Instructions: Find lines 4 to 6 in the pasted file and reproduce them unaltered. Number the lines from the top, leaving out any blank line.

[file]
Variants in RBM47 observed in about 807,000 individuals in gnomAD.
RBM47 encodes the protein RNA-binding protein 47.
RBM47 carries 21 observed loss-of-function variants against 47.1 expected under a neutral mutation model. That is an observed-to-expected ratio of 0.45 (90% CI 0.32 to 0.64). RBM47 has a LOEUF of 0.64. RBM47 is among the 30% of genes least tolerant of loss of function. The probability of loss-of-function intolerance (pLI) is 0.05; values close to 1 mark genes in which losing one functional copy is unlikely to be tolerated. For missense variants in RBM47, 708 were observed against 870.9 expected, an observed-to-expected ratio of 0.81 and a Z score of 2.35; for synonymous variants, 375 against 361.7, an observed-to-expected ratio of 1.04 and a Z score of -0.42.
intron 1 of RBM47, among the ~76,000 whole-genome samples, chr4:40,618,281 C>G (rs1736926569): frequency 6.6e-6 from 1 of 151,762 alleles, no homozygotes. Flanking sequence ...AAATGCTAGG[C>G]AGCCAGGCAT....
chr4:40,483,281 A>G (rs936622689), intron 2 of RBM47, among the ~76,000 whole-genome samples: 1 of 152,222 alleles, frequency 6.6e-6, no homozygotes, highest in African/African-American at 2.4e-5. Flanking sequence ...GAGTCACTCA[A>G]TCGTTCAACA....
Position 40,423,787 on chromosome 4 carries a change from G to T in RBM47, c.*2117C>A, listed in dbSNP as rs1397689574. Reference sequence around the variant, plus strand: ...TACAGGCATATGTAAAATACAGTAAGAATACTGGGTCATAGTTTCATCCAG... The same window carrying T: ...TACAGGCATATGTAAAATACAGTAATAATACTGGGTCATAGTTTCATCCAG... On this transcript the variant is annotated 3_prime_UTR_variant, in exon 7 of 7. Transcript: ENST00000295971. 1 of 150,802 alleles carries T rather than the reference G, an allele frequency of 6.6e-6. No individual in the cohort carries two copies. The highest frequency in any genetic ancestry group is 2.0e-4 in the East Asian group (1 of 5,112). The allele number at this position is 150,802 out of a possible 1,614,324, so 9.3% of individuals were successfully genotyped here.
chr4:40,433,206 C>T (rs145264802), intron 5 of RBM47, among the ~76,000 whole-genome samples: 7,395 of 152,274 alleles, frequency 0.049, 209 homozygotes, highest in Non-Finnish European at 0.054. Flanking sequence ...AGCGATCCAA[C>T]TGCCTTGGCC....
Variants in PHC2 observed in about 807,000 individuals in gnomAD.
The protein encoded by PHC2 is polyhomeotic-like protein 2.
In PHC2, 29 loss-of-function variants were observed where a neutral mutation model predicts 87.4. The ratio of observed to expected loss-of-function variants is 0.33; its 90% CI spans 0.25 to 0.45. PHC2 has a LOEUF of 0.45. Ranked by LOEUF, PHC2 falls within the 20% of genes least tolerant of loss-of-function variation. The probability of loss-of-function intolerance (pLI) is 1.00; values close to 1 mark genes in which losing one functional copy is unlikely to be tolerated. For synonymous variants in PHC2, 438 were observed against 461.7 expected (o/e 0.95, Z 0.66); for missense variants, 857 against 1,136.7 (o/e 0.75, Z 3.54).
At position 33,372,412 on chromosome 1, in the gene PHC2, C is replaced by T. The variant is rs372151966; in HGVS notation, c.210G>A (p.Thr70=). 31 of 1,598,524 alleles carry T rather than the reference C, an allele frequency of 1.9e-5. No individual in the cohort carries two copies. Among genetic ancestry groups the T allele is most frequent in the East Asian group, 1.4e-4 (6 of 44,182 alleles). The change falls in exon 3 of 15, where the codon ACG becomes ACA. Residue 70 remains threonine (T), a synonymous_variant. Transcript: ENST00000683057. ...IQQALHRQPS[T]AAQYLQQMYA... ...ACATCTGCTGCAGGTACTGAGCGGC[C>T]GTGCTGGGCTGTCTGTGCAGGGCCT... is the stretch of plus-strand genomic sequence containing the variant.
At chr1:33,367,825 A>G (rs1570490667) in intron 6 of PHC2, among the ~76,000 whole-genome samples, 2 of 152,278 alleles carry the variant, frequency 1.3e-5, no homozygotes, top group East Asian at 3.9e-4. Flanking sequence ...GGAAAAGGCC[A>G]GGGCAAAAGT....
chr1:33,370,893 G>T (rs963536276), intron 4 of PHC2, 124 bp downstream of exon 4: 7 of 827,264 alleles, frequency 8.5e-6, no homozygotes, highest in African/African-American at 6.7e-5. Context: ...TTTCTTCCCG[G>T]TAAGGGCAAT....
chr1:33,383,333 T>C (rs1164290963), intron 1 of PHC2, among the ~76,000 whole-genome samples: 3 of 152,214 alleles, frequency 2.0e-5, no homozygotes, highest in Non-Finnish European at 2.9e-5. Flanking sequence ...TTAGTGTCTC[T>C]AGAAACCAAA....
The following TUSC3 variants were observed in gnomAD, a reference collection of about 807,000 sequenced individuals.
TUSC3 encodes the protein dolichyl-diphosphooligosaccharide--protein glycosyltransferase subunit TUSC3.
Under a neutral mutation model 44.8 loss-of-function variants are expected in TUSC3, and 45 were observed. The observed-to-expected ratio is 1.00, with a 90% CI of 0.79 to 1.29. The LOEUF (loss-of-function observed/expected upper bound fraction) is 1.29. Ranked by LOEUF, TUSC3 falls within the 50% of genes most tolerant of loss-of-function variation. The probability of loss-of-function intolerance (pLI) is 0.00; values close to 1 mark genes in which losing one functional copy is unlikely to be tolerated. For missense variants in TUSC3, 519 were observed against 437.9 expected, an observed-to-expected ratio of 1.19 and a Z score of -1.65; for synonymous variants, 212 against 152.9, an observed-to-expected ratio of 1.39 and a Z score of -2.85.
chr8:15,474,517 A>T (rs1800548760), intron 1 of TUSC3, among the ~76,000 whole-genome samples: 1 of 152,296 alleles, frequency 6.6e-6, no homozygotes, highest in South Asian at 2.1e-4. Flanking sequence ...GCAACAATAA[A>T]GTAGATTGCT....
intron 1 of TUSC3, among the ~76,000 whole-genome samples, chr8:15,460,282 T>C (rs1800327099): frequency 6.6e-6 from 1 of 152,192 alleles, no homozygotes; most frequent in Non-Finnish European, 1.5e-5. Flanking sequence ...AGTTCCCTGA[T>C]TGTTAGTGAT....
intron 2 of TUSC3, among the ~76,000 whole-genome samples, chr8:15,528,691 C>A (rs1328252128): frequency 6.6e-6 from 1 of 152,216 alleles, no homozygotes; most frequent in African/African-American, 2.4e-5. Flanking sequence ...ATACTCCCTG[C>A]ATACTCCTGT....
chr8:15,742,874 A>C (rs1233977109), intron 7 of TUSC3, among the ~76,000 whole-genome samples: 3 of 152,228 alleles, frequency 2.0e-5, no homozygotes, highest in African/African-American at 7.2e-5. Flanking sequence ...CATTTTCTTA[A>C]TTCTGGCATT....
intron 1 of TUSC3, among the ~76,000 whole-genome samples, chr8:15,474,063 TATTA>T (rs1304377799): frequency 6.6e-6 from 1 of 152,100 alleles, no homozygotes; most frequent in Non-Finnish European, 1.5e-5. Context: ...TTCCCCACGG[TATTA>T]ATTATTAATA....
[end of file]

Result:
intron 1 of RBM47, among the ~76,000 whole-genome samples, chr4:40,618,281 C>G (rs1736926569): frequency 6.6e-6 from 1 of 151,762 alleles, no homozygotes. Flanking sequence ...AAATGCTAGG[C>G]AGCCAGGCAT....
chr4:40,483,281 A>G (rs936622689), intron 2 of RBM47, among the ~76,000 whole-genome samples: 1 of 152,222 alleles, frequency 6.6e-6, no homozygotes, highest in African/African-American at 2.4e-5. Flanking sequence ...GAGTCACTCA[A>G]TCGTTCAACA....
Position 40,423,787 on chromosome 4 carries a change from G to T in RBM47, c.*2117C>A, listed in dbSNP as rs1397689574. Reference sequence around the variant, plus strand: ...TACAGGCATATGTAAAATACAGTAAGAATACTGGGTCATAGTTTCATCCAG... The same window carrying T: ...TACAGGCATATGTAAAATACAGTAATAATACTGGGTCATAGTTTCATCCAG... On this transcript the variant is annotated 3_prime_UTR_variant, in exon 7 of 7. Transcript: ENST00000295971. 1 of 150,802 alleles carries T rather than the reference G, an allele frequency of 6.6e-6. No individual in the cohort carries two copies. The highest frequency in any genetic ancestry group is 2.0e-4 in the East Asian group (1 of 5,112). The allele number at this position is 150,802 out of a possible 1,614,324, so 9.3% of individuals were successfully genotyped here.